Driving Miss Daisy

Angela Lansbury & James Earl Jones in DRIVING MISS DAISY (c) Jeff Busby
Angela Lansbury and James Earl Jones. Photo: Jeff Busby

Theatre Royal, March 2, 2013

Remember being charmed in the theatre? It seems so long ago it is almost revolutionary to encounter it again. Driving Miss Daisy may fall within the narrow confines of naturalism, which I usually disdain, but  Alfred Uhry’s story of evolving race relations in the southern US state of Georgia during the ’50s and ’60s is poignant, gentle and timeless. It tells of Boolie Werthan (Boyd Gaines) hiring Hoke Coleburn (James Earl Jones) to chauffeur his aging, widowed mother, Daisy (Angela Lansbury). The casting and David Esbjornson’s unerringly deft production compound the charm.

Angela Lansbury and James Earl Jones in DRIVING MISS DAISY (c) Jeff Busby
Photo: Jeff Busby.

There is no substitute for experience, and the decades of strong work clocked up by Lansbury and Jones result in seemingly effortless and completely seamless performances. There are no cracks in the characterisations or in the flow of the relationship as it grows from stiff formality – especially on the suspicious Miss Daisy’s part – to mutual support. By the time it reaches firm friendship Miss Daisy’s pouts have wilted from having Jones’s Hoke pour that bronze voice of his into her ears across the decades. The ease of their work – the absence of mannerisms and self-consciousness such as marred the current Cat On A Hot Tin Roof at Belvoir Street – draws the audience into their world, and lets their world spill off the stage into ours. But it is their warmth that makes this work as a piece of theatre just as well as it did in its marvellous screen adaptation. We love them both as actors and as characters.

James Earl Jones and Boyd Gaines in DRIVING MISS DAISY (c) Jeff Busby
Jones and Boyd Gaines. Photo: Jeff Busby.

Uhry was too shrewd to ever have his characters mount on soapboxes and preach to us. Hoke recounts a hanging by white supremacists he saw when a boy, and we grieve for him, just as we feel Miss Daisy’s eyes being opened a little to the world from which she has been comfortably shielded. She has also chosen not to look, so it comes as a baffling surprise to her when the same foreigner-hating, minority-hating mentality results in her synagogue being burned. She grows as a person from pinched self-obsession and tacit racism to the point where she finds the one black man in her life has become her best friend.

Gaines’ performance slides into this rapport without ruffling a feather of it. He, too, is likable as the caring but put-upon son who lacks the courage to risk his business associations by attending a Martin Luther King function. Yet he has an inherent generosity of spirit to match Hoke’s brimming magnanimity.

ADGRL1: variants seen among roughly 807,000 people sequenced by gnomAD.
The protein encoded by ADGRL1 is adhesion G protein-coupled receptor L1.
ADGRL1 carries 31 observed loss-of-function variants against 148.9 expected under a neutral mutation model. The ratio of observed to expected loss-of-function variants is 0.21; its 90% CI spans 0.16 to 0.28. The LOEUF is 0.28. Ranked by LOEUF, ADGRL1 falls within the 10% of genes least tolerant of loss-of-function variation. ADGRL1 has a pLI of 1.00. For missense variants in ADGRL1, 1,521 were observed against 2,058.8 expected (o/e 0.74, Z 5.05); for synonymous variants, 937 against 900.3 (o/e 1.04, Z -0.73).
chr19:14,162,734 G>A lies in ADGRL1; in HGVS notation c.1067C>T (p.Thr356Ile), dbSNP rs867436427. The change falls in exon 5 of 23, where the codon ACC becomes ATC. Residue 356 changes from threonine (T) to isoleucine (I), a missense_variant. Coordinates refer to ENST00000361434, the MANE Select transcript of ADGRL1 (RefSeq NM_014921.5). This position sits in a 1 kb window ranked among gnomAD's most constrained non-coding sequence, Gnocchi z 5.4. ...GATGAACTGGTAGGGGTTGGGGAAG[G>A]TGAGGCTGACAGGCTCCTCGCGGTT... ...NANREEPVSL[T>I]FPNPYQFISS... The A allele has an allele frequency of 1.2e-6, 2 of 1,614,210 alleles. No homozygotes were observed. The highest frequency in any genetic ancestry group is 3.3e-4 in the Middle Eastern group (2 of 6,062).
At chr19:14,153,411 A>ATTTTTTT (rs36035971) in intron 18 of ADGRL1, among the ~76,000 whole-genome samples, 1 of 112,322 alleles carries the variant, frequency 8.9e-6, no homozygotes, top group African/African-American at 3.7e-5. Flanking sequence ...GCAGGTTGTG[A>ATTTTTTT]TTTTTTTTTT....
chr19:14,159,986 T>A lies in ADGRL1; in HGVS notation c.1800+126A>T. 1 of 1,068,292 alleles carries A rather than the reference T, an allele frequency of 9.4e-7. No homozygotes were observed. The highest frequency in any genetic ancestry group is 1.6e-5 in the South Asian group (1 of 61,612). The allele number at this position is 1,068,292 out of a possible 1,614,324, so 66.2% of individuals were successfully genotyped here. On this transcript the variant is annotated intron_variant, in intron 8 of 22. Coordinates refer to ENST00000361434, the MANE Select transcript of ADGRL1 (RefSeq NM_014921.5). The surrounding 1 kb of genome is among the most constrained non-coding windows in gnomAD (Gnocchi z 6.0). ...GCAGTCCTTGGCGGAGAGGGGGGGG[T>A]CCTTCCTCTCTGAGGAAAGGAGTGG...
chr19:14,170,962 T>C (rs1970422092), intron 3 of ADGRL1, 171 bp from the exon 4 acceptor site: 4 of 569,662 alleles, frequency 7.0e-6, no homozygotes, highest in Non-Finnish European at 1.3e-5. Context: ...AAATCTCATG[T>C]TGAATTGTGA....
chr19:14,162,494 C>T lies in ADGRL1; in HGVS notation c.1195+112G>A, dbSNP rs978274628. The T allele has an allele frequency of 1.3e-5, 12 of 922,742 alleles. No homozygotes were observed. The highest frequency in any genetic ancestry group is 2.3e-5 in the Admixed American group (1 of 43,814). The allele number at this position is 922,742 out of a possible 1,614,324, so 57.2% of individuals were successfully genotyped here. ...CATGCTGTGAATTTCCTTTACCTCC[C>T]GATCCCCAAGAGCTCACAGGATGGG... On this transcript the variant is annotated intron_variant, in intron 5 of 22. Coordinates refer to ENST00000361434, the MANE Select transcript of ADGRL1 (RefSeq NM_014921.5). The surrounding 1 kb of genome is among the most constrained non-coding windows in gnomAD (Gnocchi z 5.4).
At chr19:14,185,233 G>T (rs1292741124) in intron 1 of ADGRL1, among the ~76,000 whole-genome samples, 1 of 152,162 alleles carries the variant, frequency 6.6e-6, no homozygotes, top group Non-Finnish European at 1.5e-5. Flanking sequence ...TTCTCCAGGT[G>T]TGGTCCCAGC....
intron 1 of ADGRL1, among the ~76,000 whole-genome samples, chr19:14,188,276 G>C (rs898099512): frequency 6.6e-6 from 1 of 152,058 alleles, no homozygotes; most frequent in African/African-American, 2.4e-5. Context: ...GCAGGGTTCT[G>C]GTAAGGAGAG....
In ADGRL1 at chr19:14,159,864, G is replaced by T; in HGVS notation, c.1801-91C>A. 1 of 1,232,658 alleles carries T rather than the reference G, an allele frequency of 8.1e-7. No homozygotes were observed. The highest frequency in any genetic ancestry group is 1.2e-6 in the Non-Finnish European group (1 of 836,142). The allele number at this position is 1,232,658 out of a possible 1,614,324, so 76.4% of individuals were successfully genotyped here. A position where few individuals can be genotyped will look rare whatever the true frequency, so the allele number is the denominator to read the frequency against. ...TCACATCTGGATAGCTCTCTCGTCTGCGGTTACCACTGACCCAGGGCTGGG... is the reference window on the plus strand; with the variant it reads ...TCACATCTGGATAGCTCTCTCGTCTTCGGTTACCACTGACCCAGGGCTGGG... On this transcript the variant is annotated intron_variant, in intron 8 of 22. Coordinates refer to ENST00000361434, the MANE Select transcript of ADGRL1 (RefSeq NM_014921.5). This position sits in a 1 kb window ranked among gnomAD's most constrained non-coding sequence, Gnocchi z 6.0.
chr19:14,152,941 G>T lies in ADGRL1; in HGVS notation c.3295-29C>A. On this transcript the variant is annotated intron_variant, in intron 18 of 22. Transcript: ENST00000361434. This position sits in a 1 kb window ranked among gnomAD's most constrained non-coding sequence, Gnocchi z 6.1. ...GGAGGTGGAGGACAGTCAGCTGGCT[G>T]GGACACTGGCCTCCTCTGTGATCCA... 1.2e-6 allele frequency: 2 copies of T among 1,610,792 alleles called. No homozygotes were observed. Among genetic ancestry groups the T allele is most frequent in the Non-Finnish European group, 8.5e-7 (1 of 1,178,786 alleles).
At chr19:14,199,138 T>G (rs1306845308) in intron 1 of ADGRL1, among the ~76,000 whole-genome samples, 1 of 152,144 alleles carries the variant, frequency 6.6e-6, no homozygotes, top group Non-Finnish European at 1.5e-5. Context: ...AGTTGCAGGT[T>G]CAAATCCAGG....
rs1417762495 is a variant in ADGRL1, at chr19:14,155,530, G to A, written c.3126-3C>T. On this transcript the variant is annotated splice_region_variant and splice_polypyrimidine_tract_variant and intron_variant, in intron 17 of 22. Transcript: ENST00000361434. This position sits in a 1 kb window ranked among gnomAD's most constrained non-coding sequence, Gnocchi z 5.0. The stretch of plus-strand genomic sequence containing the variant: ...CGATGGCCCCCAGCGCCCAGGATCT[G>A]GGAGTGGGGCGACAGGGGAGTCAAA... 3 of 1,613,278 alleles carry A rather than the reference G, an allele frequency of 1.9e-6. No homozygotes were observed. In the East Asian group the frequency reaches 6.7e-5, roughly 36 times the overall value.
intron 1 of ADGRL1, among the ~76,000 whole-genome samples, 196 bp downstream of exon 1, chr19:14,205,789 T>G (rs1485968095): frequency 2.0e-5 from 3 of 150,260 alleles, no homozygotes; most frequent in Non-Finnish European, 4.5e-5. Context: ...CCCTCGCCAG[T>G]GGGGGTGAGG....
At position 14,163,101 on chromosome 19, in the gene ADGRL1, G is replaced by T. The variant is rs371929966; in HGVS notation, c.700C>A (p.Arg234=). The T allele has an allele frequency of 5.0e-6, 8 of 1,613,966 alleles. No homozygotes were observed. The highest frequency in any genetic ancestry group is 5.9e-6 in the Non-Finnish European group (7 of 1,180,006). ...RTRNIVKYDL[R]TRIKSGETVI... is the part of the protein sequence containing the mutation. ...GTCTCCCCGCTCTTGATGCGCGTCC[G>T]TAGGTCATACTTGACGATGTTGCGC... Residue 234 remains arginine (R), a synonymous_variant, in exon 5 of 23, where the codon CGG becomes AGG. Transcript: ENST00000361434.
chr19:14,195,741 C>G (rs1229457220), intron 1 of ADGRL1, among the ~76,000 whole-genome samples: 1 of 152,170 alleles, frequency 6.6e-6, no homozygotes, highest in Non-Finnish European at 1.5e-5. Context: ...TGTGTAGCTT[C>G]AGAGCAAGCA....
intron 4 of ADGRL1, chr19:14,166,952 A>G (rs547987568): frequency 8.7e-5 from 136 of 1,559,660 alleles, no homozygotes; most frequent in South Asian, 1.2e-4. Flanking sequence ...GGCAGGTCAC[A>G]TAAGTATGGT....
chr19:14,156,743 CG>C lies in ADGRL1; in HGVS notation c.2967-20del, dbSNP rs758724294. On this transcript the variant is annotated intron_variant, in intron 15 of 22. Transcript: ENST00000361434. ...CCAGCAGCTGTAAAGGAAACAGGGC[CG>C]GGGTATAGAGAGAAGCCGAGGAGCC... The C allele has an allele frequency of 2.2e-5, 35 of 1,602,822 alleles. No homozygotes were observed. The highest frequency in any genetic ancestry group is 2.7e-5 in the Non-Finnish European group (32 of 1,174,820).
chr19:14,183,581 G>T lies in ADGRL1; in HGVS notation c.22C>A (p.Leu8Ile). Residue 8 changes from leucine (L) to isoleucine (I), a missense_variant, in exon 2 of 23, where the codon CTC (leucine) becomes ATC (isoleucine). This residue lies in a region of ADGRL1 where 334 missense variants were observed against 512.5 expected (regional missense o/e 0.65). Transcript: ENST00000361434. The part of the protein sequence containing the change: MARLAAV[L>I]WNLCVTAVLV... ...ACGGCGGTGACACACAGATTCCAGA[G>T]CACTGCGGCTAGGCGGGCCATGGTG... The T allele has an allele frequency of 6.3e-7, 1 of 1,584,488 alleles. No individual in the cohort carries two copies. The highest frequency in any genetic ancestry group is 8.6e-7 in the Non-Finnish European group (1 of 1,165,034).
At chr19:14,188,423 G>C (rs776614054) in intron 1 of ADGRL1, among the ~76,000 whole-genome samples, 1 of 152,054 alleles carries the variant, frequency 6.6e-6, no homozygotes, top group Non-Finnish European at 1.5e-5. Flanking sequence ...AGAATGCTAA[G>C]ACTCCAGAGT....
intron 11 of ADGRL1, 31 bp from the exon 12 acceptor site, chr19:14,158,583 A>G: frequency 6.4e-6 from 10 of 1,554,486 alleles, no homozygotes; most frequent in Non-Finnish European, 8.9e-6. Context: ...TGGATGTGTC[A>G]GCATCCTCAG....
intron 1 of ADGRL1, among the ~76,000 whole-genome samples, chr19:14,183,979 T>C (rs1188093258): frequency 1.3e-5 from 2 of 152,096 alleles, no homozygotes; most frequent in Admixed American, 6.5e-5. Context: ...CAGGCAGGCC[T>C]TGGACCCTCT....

Angela Lansbury in DRIVING MISS DAISY (c) Jeff Busby
Photo: Jeff Busby.

Unlike the new wave of Australian directors David Esbjornson receives no star billing. This is despite a pedigree that has seen him direct the Broadway premiers of Driving Miss Daisy, The Goat Or Who Is Sylvia and Angels In America: Millennium Approaches, among others. He lets his work do the talking. Talking, not shouting. After seeing so many productions of late where the director is desperate to draw attention to his or her work, here was a director who tried to make his work invisible. Nothing jarred or clanged as Esbjornson simply made room for the charm, graciousness and poignancy to unfold.  He is blessedly beyond the juvenile ego issues besetting so many locals who feel the need to impose themselves on the work.

Similarly John Lee Beatty’s design throws the focus back on the actors. The “car” in which Hoke chauffeurs Miss Daisy around in is just a garden bench and two chairs set on a little revolve facing a steering wheel. The revolve is used economically, and Wendall Harrington’s projections are employed like establishing shots in a movie. Photographs from the civil rights movement are also projected, but as an emphasis rather than a sledgehammer. Mark Bennett brings a witty use of incidental music to bear, and Christopher Cronin’s sound design is so sophisticated that I was still wondering if the actors really were miked up deep into the show.

Finally John Frost should be acknowledged for assembling this fine production and bringing it here. The good seats are an eye-watering $200 a pop, which may make it the most expensive one-act play in history, but those who can afford it will not be questioning whether they enjoyed it. A great night at the theatre it is not, but a very good, wonderfully heart-warming and beautifully acted one it most certainly is.